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Reasons Teens Engage in Risky Behavior
The teen brain is hardwired to take risks even if a young person knows about the associated dangers 3. According to Clea McNeely and Jayne Blanchard in “The Teen Years Explained: A Guide to Healthy Adolescent Development,” after infancy, adolescence is the time in a person’s life when she undergoes the most developmental changes 1. By knowing about the changes young people experience during the teen years, you’ll have a better understanding of why they take risks.
The Teen Brain
Adolescence is when the limbic system and forebrain begin to develop. This development shifts a teen’s concrete thoughts into more abstract ones. While the limbic system develops during the early teen years, maturity of the frontal lobe doesn’t occur until a teen is in his 20s, according to McNeely and Blanchard. The limbic system is the reward center of the brain, and the frontal lobe guides impulse control and the understanding of long-term consequences. Consequently, teens don’t completely understand the full extent of consequences associated with risky behaviors. They also gain more satisfaction from taking risks than adults, especially if the desired outcome occurs.
Teens naturally seek independence as their brains mature. Part of risk-taking involves testing boundaries to see whether adults and peers approve. It’s normal for a teen to test boundaries in regards to fashion, hairstyles and music. She may even try different styles of communication while exercising her new abstract-thinking skills, which sometimes results in yelling and back-talk. According to McNeely and Blanchard, teens are more likely to engage in risky behaviors when parents don’t set and enforce clear, safe, realistic and age-appropriate boundaries that are paired with logical consequences.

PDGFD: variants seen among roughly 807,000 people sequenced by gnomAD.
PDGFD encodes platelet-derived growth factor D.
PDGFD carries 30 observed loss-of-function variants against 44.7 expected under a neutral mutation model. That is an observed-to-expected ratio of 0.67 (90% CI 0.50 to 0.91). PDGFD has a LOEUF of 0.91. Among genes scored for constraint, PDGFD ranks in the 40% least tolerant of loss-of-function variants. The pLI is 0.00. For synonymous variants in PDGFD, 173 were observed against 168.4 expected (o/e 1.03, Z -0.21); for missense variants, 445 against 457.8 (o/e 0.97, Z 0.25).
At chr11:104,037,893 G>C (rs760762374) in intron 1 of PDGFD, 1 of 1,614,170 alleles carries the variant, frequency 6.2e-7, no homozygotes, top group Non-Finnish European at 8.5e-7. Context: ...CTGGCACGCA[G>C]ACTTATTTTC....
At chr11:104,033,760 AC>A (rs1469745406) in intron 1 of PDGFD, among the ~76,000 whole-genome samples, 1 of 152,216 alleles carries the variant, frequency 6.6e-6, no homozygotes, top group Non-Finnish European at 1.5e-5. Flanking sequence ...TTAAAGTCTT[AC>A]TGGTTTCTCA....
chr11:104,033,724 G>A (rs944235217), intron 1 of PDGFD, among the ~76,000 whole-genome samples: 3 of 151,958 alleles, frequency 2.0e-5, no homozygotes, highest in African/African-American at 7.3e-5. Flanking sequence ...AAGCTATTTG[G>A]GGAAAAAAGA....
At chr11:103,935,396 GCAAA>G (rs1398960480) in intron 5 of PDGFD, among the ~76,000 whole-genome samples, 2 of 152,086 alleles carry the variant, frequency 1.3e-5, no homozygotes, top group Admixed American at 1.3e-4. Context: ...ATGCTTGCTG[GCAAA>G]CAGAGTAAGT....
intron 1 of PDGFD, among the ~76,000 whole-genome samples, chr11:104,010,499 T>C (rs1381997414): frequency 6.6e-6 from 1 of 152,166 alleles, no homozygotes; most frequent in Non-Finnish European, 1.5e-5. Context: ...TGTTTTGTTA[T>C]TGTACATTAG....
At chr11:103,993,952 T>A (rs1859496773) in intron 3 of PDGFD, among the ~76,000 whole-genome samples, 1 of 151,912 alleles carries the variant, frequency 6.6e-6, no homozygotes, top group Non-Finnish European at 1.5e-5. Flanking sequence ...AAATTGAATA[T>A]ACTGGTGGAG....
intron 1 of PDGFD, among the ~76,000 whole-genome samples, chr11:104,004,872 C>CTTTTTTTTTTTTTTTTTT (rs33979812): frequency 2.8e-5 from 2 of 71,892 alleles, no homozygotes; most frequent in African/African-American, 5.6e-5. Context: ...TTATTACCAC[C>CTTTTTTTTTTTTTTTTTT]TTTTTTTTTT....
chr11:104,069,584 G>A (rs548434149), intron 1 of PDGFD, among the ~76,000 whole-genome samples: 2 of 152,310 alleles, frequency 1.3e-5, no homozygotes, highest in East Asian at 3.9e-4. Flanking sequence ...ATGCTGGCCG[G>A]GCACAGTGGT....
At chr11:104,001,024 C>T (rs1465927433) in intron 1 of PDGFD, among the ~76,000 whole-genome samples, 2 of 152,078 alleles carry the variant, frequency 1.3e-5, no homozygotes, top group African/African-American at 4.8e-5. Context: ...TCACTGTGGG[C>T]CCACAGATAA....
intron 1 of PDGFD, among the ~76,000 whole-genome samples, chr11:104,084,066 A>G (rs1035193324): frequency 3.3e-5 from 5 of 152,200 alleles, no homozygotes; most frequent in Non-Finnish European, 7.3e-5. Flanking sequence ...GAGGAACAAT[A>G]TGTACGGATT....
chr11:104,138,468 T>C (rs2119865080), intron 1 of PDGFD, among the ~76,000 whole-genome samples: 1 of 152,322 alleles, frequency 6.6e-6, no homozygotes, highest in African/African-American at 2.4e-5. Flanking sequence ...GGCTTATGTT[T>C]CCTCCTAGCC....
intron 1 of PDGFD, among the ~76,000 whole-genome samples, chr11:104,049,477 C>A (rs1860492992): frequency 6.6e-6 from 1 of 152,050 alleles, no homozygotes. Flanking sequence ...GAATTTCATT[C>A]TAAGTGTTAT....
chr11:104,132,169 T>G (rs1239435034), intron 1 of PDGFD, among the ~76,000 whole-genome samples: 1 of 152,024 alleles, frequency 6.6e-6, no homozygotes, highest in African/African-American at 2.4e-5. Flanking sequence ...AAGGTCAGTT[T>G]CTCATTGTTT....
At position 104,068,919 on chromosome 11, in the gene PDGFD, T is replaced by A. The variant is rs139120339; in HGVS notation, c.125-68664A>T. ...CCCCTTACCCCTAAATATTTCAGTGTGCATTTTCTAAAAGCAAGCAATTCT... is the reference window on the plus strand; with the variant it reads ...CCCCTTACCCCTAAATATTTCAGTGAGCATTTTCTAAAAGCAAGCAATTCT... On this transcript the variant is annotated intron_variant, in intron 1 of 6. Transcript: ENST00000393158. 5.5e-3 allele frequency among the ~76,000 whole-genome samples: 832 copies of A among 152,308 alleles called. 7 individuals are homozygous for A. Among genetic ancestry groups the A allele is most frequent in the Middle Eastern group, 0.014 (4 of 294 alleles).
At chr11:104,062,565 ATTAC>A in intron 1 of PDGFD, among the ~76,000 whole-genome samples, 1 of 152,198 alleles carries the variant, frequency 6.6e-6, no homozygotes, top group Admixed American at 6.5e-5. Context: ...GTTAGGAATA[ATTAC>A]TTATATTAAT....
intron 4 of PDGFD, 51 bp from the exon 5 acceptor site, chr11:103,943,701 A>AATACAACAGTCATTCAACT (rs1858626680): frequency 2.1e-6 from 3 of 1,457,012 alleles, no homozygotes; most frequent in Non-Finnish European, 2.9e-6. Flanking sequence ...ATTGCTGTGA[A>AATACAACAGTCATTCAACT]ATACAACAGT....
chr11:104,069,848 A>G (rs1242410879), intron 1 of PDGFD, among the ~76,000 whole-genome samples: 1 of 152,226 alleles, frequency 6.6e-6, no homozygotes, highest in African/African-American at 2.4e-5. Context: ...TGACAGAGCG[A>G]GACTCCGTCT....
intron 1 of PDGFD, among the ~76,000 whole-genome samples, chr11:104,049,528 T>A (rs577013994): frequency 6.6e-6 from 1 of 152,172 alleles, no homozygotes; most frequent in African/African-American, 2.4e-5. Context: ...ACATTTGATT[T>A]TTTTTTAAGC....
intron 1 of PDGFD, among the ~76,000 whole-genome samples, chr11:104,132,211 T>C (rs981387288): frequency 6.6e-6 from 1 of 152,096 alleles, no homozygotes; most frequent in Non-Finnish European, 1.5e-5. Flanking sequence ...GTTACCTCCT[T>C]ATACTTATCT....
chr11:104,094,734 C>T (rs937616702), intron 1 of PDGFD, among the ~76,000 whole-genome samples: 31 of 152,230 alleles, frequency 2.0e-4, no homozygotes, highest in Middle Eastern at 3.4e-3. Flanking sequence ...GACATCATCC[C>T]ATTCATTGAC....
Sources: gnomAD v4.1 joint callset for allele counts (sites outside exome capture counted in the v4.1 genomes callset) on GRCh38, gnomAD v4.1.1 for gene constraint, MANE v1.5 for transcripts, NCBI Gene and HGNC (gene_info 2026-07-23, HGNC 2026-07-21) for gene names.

The Search for Self
As a teen attempts to discover a sense of self and seek autonomy, he’ll try to do things on his own and think for himself. Developing autonomy involves trying out different ways of thinking and behaving. When a parent doesn’t accept a teen for who he is, encourage self-expression, and offer support in areas like planning and problem-solving, the young person may turn to risky behaviors to figure out his own strengths and weaknesses.
Wanting to Fit In
Changes in hormones and the limbic system cause teens to develop social awareness. While these changes help teens learn to empathize with others, they also make them seek the approval of others as they distance themselves from their family members, according to the American Psychological Association. When a teen trades the influence of positive role models for the influence of peers, she may be more likely to engage in risky behaviors. This can become problematic if she perceives social benefits, such as peer approval, from such behavior.
- Johns Hopkins University: The Teen Years Explained: A Guide to Healthy Adolescent Development
- American Psychological Association: A Reference for Professionals: Developing Adolescents
- CNN: Why the Teen Brain Is Drawn to Risk
- Current Directions in Psychological Science: Risk Taking in Adolescence, New Perspectives from Brain and Behavioral Sciences
- Ronnie Kaufman/Blend Images/Getty Images